by Marinka on October 19, 2008

Since my very first subway ride in New York City, when I was 10 years old and I saw a blood stained seat (ok, so it may not have been my very first subway ride, but wouldn’t it make for good blog if it had been?), I’ve had a complicated relationship with the NYC subway system. I am both scared of it and in awe of it. After 9/11, I was terrified to take the subway. Of course, I was also terrified to take the subway before 9/11, so this introductory paragraph already sucks.

I always had a touch of claustraphobia which would spring into action as soon as a train stalled between stations. “We apologize for the inconvenience,” a recording would narrate my panic. “We are experiencing a delay. We will be moving shortly.” This would repeat in a loop as I gathered witnesses within the subway car to sign off on my last will and testament. I, Marinka, hereby leave the Altoids in my purse to that bitch who has a seat across from me and can’t stop doing the fucking word searches and look up and make eye contact with me to acknowledge that Holy fuck! we’re stuck in this death trap. I hope that one of the Altoids gets lodged in her throat.

Once, in the mid-1990s, I got stuck on the train and started going into full-panic mode. “I’m really sorry,” I told the woman stuck next to me, “but I am very panicked and I think that it would help me to talk to you.”

“Ok,” my co-stuckee said, “I am really scared, too.” Which was a fine how-do-you-do, because I prefer to be the panicked one in the relationship. And I believe that by announcing my terror first, I had dibs on it.

“Why are you scared?” I asked. Turns out that she was afraid that after being on a stalled train for a while, they would force us to walk off it on the tracks and we’d all get electrocuted, especially her. Isn’t that ridiculous? I don’t understand why they let these nuts ride on the subway unattended.

“That makes no sense,” I reassured her. “I’ve never ever heard of that happening anywhere. Your fear is dumb.”
“Oh yeah?” she challenged me, somewhat offended, despite my reassurance. “Well, what are you afraid of.”
“My fear is much more grave,” I sighed. I was afraid that we would be stuck there forever, you see. That the rest of the world would forget about our train and we would be there, abandoned, and turning into fossils, curiosities for someone to find centuries from now, remnants of “Lost New York.”
The track walking lady looked at me like I was the crazy one.
“How would that happen? All the other trains going downtown use these tracks, I think they’d notice if something was blocking their way.”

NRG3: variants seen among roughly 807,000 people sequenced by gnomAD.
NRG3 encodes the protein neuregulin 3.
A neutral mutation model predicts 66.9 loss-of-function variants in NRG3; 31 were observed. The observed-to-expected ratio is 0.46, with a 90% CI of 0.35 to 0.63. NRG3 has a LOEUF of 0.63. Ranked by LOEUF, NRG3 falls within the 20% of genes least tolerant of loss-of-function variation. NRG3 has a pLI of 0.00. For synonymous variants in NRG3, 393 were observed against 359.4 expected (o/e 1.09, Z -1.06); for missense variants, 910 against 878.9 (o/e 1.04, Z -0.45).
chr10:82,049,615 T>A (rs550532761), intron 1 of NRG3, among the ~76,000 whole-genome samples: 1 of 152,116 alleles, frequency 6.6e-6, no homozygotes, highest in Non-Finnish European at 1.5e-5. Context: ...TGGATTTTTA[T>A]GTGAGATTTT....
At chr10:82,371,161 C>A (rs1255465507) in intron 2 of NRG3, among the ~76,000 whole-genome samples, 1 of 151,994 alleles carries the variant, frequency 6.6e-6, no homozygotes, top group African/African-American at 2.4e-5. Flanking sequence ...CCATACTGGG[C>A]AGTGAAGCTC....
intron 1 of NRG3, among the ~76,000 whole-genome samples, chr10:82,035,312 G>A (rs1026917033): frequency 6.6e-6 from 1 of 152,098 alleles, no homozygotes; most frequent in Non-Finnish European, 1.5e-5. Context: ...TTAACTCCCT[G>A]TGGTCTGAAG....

If there is anything that I can’t stand, it’s people who don’t respect other people’s phobias. It could happen! All of Manhattan could suddenly decide to stay put and not use the subway for the next century. People are real homebodies!

Just as I was about to school her on the ways of tolerance, the train started to move. We were free! We were safe! Sorry, achealogists of the future!

It took me weeks after 9/11 to get on the subway. It would have been longer, but the bus that I took instead of the subway took forfuckingever and besides, I got motion sick if I read on the bus. Whereas, I could read on the subway. Sure, I was risking certain death, but I am proud to say that I am more lazy than cautious. It didn’t help that everyone from politicians to psychics picked the subway system as a likely place of the next attack. Good thing I’m not the type to panic easily. One day John and I were going home from work on the subway and the train stalled and there was an inaudible announcement. “What are they saying?” I asked him, panicked. “Oh,” he said, “something about ‘due to terrorist activity at the next station, we are being delayed here.'” I still remember how hard I laughed and how amazing it felt to laugh at my fear, not because it was funny, necessarily, or unwarranted, but because sometimes it’s easier to laugh, even when scared. And certainly more entertaining.

One year ago ...

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{ 20 comments… read them below or add one }

Kylie w Warszawie October 19, 2008 at 1:21 pm

I hear you. Why don’t crazy people know they’re crazy?

Why don’t I take my meds? Because I don’t like them. But I’m not crazy. All those other people who don’t take their meds are crazy.

But don’t worry, me being off meds just makes me obsess and want to stay in the house, not a psychotic internet stalker.


Vodka Mom October 19, 2008 at 2:54 pm

I love that you laughed at your fear. love it.


Renée aka Mekhismom October 19, 2008 at 3:52 pm

Now THAT is a story. Strangers swapping fears that are seemingly unwarranted in each others eyes, classic. After 9/11 I didn’t fear the subway. I was more afraid of the bazooka toting national guardsmen in Penn Station and the subways accidentlly discharging their guns. Fun times. Not.


steenky bee October 19, 2008 at 4:32 pm

You know, I’ve taken the subway five times in my entire life. Two times I saw a guy peeing. One time I saw Amy Sedaris. I went back the two other times in hopes of running into her brother. No such luck. 🙂


Manager Mom October 19, 2008 at 6:06 pm

I am with you in the laughing in the face of fear thing. In fact, I myself have been in hysterics for the past few days.